Benefits and safety of candesartan treatment in heart failure are independent of age: insights from the Candesartan in Heart failure--Assessment of Reduction in Mortality and morbidity programme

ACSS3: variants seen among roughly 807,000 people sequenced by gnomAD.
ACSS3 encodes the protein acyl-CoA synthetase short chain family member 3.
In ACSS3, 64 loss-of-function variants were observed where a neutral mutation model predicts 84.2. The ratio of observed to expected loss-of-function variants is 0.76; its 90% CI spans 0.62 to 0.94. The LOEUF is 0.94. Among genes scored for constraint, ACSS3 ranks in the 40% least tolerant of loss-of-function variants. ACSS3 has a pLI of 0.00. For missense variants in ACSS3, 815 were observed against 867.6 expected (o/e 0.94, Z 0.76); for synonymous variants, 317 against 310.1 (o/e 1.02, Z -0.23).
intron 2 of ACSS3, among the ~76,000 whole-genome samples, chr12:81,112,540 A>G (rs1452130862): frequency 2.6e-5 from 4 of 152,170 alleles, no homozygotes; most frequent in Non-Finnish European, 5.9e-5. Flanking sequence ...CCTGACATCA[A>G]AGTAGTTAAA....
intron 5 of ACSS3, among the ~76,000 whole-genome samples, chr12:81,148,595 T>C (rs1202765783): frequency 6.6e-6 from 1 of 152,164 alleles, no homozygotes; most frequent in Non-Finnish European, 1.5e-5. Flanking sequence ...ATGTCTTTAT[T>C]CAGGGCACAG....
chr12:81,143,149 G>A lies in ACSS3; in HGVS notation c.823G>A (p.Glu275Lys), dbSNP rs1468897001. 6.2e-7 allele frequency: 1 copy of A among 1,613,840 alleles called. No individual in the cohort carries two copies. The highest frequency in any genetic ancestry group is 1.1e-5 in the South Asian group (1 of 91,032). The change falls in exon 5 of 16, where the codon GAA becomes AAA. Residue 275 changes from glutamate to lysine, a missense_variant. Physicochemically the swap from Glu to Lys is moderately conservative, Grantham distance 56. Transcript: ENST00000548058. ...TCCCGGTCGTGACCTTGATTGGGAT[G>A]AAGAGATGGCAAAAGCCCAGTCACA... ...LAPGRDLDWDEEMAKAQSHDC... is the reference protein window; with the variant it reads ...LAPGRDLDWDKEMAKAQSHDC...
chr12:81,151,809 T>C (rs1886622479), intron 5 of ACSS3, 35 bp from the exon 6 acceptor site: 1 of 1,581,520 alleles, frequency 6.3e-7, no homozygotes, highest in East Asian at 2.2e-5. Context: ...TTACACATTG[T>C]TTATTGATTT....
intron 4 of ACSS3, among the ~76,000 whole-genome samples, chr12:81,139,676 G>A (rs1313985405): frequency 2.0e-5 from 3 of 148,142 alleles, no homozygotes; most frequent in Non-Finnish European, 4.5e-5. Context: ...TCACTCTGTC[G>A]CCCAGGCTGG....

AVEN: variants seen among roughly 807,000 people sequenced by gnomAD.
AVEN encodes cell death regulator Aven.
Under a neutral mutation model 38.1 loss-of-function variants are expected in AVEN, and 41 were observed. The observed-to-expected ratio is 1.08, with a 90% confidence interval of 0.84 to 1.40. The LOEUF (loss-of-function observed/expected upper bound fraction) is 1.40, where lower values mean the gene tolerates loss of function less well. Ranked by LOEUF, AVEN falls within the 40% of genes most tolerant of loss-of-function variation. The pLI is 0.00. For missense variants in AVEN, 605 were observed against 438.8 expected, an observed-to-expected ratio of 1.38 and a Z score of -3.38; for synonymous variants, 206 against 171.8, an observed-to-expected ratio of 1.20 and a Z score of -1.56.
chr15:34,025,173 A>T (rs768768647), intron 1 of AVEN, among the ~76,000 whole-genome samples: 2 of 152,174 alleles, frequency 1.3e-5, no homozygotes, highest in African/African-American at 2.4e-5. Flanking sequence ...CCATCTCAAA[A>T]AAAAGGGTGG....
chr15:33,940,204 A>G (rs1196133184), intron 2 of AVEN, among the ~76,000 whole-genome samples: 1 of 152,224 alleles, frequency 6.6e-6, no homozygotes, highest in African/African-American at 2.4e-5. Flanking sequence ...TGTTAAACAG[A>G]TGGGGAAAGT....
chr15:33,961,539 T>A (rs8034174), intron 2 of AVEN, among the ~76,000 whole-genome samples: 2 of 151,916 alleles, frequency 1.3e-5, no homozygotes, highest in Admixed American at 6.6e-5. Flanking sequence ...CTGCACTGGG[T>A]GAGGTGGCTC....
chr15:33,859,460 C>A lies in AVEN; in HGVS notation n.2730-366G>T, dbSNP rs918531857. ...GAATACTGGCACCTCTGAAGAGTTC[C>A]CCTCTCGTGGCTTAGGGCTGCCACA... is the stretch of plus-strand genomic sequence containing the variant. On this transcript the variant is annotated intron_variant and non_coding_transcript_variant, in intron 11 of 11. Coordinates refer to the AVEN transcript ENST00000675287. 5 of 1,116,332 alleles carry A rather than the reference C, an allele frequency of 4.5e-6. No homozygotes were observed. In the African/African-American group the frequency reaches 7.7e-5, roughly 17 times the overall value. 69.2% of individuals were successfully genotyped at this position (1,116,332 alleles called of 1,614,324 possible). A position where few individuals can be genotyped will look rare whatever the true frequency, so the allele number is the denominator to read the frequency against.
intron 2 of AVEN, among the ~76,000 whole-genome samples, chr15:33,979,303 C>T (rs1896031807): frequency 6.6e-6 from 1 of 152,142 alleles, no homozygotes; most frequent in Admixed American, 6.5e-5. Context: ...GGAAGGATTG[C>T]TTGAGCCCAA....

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AIMS: Ageing may affect drug efficacy and safety in patients with heart failure (HF). The Candesartan in Heart failure-Assessment of Reduction in Mortality and morbidity (CHARM) programme offered an opportunity to study the relationship between increasing age and the efficacy and safety of treatment in an uniquely broad spectrum of patients with symptomatic HF and either reduced or preserved left ventricular ejection fraction. METHODS AND RESULTS: A total of 7599 patients in NYHA Class II-IV HF were randomized to candesartan (target dose 32 mg once daily, mean dose 24 mg) or placebo, including 3169 patients age >70 years. Mean follow-up was 37.7 months. The proportional hazards model was used to estimate the treatment effect on efficacy and safety within five age groups: <50 years (n = 605) (8% of all study patients), 50-59 years (n = 1474) (19%), 60-69 years (n = 2351) (31%), 70-79 years (n = 2474) (33%), and > or =80 years (n = 695) (9%). The risk of cardiovascular (CV) death or HF hospitalization (primary outcome) increased from 24% in the lowest age group to 46% in the highest age group (and mortality from 13 to 42%). The relative reduction in risk of the primary outcome with candesartan (15% in the overall study population) was similar irrespective of age. Consequently, the absolute benefit was greater with advancing age (3.8 patients avoided a primary outcome per 100 patients treated in the lowest age group compared with 6.8 in the highest). Adverse events leading to drug discontinuation were more frequent in the candesartan group: placebo/candesartan risk (%), lowest compared with highest age category: hyperkalemia (0.0/1.6 vs. 0.6/2.7), increased serum creatinine (1.0/3.9 vs. 6.1/5.4) and hypotension (1.7/2.0 vs. 2.8/5.7). CONCLUSION: Older patients were at a greater absolute risk of adverse CV mortality and morbidity outcomes but derived a similar relative risk reduction and, therefore, a greater absolute benefit from treatment with candesartan, despite receiving a somewhat lower mean daily dose of candesartan. Adverse effects were more common with candesartan than with placebo, although the relative risk of adverse effects was similar across age groups. The benefit to risk ratio for candesartan was thus favourable across all age groups.
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